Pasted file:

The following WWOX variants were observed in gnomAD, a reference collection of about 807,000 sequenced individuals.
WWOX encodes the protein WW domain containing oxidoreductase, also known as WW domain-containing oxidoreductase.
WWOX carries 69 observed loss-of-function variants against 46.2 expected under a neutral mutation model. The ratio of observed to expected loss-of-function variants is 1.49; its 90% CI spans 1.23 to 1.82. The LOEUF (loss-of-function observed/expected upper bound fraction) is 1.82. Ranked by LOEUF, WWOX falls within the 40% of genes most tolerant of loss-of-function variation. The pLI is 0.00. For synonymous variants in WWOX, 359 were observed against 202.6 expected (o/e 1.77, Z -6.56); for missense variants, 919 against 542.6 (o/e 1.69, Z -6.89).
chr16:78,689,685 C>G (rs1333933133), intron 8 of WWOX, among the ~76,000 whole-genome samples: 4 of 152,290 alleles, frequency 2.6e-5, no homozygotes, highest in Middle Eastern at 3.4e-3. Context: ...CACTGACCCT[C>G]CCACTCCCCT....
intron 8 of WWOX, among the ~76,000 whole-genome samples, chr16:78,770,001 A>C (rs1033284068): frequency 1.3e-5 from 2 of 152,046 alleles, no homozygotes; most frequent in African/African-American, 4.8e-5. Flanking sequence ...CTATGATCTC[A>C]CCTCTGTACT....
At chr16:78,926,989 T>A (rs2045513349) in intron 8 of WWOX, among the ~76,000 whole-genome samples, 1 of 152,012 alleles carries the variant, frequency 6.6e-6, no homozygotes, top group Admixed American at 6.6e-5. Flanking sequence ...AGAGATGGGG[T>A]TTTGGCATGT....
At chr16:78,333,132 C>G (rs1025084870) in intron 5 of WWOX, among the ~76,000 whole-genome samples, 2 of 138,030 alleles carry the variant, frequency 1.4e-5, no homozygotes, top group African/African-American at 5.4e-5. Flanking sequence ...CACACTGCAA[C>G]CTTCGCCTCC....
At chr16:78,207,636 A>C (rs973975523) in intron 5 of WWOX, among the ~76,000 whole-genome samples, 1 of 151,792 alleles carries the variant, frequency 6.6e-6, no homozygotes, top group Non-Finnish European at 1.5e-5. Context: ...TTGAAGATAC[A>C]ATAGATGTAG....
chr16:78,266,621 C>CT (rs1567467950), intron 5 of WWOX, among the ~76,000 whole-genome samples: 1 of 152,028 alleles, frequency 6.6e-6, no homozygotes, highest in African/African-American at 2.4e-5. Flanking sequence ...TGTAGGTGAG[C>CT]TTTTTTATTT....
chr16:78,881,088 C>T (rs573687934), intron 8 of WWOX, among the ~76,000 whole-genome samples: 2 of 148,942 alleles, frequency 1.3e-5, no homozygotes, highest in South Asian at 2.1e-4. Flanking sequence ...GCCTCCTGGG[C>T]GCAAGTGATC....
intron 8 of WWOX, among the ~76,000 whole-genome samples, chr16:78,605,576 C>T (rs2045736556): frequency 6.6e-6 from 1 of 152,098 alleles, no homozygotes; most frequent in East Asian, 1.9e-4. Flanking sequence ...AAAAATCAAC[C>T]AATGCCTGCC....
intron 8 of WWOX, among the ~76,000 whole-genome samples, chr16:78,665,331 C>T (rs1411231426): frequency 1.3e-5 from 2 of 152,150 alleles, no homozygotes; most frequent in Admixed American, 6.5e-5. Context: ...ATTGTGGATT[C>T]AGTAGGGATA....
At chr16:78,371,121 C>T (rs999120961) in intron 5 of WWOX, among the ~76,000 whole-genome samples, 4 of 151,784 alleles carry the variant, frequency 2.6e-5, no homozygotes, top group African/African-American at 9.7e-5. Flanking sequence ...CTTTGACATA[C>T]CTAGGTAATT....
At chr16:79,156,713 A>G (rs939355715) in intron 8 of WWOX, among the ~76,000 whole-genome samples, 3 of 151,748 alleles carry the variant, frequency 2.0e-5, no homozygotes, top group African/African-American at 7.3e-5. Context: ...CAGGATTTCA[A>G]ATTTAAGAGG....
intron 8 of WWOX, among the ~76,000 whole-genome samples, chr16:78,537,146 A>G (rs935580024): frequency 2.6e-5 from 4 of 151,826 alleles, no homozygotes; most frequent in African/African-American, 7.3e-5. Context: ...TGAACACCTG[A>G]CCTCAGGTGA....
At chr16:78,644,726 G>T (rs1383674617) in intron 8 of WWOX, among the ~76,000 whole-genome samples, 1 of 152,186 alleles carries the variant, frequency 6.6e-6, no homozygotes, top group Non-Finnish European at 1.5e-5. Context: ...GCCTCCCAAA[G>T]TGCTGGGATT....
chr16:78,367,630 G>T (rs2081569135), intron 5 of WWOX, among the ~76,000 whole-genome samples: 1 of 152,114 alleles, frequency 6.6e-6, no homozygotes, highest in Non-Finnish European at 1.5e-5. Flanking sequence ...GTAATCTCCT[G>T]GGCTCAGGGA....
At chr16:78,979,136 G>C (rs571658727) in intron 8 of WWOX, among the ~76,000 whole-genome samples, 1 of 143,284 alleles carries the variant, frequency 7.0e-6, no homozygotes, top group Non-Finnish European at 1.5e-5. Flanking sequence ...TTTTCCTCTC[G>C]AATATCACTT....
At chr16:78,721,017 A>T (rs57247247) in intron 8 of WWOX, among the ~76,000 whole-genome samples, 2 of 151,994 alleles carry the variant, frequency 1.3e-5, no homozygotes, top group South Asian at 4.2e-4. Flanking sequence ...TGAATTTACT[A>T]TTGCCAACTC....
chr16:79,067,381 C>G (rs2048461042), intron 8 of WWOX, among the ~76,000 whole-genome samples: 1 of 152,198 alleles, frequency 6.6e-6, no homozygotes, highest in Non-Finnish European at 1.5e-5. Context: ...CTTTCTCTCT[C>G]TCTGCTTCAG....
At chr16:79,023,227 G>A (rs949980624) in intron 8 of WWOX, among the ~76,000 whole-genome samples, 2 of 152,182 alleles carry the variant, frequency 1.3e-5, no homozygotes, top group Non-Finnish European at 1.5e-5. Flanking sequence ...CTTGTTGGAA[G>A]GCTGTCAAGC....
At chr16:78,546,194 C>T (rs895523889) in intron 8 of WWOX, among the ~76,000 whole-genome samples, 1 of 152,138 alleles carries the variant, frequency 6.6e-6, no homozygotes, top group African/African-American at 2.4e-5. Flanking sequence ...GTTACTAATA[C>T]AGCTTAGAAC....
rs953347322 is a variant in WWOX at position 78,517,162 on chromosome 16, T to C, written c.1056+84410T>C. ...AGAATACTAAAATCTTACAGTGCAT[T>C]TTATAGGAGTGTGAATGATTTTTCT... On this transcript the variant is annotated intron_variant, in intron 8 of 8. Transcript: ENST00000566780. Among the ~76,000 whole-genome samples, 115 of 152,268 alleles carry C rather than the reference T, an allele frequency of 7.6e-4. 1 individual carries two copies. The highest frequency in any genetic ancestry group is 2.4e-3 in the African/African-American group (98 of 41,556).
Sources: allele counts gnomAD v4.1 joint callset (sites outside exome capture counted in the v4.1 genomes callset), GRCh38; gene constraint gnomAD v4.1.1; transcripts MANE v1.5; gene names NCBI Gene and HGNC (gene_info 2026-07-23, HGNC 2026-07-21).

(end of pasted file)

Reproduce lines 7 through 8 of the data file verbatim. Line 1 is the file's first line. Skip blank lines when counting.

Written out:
At chr16:78,333,132 C>G (rs1025084870) in intron 5 of WWOX, among the ~76,000 whole-genome samples, 2 of 138,030 alleles carry the variant, frequency 1.4e-5, no homozygotes, top group African/African-American at 5.4e-5. Flanking sequence ...CACACTGCAA[C>G]CTTCGCCTCC....
At chr16:78,207,636 A>C (rs973975523) in intron 5 of WWOX, among the ~76,000 whole-genome samples, 1 of 151,792 alleles carries the variant, frequency 6.6e-6, no homozygotes, top group Non-Finnish European at 1.5e-5. Context: ...TTGAAGATAC[A>C]ATAGATGTAG....